The costs of Germany’s ambitious plan to shift from fossil fuels to renewable energy are set to soar as regional governments rebel against plans to build a new national electric grid.
The plan, known in German as the “Energiewende’’ or energy transformation, aims to phase out nuclear power by 2022 and generate 80 percent of energy from renewable sources by 2050. The transition was agreed to after the March 2011 meltdown of a nuclear power plant in Fukushima, Japan, which prompted the German chancellor, Angela Merkel, a trained physicist, to agree to phase out Germany’s stable of nuclear power plants.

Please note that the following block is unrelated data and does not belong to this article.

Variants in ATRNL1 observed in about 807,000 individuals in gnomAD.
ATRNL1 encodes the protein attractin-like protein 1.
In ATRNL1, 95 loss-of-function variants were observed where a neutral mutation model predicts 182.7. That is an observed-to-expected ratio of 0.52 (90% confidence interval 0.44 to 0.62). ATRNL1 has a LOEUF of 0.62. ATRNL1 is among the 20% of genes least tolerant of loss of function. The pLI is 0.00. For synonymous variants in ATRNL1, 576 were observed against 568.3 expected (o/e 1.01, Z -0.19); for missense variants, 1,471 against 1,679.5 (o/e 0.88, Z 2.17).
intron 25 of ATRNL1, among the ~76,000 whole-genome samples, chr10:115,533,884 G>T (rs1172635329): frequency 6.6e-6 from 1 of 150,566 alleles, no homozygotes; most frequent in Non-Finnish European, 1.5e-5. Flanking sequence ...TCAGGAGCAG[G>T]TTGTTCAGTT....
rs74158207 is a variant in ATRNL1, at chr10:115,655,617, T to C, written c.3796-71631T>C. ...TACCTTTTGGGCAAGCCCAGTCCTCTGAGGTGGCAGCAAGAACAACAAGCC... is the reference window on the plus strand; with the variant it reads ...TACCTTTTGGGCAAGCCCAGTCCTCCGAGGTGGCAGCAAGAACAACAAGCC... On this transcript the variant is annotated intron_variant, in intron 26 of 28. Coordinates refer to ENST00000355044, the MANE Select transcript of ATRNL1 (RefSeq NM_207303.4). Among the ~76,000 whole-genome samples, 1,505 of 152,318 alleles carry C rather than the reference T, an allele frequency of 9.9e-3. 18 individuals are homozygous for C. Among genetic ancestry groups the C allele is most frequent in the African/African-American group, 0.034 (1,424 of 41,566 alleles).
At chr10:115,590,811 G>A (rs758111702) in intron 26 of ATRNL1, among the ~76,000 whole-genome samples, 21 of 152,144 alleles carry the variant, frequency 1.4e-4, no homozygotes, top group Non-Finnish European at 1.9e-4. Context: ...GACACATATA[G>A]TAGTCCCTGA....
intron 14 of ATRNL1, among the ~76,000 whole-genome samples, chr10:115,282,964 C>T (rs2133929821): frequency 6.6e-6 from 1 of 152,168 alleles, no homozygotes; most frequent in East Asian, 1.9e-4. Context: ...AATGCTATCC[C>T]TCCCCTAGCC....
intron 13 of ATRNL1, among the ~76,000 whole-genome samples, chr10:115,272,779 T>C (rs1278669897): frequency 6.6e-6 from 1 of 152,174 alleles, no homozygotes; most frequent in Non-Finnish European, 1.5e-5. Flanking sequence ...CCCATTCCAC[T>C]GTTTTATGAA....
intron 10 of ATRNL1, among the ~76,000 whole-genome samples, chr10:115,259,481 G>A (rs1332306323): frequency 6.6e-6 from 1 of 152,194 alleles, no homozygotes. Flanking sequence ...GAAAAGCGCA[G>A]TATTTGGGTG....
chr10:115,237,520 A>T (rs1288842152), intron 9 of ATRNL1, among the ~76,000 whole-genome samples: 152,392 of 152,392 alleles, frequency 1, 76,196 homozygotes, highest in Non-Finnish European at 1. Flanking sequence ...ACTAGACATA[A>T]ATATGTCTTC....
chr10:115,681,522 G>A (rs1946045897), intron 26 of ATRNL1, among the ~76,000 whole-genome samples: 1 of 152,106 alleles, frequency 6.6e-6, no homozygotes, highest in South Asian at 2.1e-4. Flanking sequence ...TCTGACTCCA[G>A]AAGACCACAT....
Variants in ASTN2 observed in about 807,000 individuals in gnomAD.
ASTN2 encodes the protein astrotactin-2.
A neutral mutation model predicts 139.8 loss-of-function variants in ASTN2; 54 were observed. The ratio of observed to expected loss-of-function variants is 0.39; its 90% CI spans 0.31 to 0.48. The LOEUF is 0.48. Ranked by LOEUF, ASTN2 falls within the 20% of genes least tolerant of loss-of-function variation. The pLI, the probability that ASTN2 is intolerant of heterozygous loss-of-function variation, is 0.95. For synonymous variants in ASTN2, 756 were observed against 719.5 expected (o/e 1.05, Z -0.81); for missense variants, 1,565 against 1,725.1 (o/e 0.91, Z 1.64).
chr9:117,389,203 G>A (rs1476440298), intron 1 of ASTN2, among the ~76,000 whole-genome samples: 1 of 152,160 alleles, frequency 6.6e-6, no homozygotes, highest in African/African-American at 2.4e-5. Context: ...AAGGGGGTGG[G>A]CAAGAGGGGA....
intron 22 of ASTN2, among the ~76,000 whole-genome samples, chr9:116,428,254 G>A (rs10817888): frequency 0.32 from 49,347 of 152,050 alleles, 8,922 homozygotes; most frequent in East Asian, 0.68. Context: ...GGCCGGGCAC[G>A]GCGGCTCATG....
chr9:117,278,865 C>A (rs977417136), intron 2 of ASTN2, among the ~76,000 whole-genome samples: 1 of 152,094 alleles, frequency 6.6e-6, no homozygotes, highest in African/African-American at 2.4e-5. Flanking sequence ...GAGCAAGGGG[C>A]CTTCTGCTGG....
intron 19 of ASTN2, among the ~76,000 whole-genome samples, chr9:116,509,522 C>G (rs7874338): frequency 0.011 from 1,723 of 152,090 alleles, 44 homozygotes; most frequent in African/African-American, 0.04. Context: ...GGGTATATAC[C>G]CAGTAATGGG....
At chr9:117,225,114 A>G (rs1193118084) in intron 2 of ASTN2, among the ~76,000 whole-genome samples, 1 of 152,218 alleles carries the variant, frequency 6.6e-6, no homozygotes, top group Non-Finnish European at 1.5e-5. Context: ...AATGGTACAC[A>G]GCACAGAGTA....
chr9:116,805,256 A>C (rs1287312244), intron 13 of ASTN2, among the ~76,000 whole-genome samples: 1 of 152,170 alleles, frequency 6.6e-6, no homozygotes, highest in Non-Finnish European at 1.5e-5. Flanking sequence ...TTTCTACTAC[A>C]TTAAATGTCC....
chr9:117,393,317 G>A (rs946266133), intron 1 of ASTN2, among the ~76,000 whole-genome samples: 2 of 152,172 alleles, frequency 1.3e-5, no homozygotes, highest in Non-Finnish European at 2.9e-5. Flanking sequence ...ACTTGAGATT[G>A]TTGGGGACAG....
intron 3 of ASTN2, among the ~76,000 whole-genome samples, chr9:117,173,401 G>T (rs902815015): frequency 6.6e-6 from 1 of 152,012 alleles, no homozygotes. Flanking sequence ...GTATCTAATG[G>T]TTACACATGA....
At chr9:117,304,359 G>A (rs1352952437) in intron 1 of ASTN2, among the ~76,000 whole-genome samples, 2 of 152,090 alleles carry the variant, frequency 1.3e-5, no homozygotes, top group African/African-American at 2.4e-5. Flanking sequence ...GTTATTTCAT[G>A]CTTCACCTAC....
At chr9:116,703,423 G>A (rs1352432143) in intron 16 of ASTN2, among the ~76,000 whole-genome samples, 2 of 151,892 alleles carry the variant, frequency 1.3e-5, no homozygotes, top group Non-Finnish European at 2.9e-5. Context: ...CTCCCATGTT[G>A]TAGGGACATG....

Analysts have estimated that it will cost €20 billion to €30 billion to upgrade Germany’s electric grid using primarily above-ground cables. But if the same infrastructure has to be placed underground – which may be necessary to appease residents living along the route – the price of the mammoth project could double or triple in cost, one expert estimated.
But these costs are likely to soar in the face of fierce local opposition to the new power lines and pylons that are supposed to be built to support the new electric grid.
Germany’s existing power networks were built in the last century, and were designed to transport electricity from power plants to factories and large towns. In the new era, the grid has to collect locally generated electricity and distribute it across the entire country.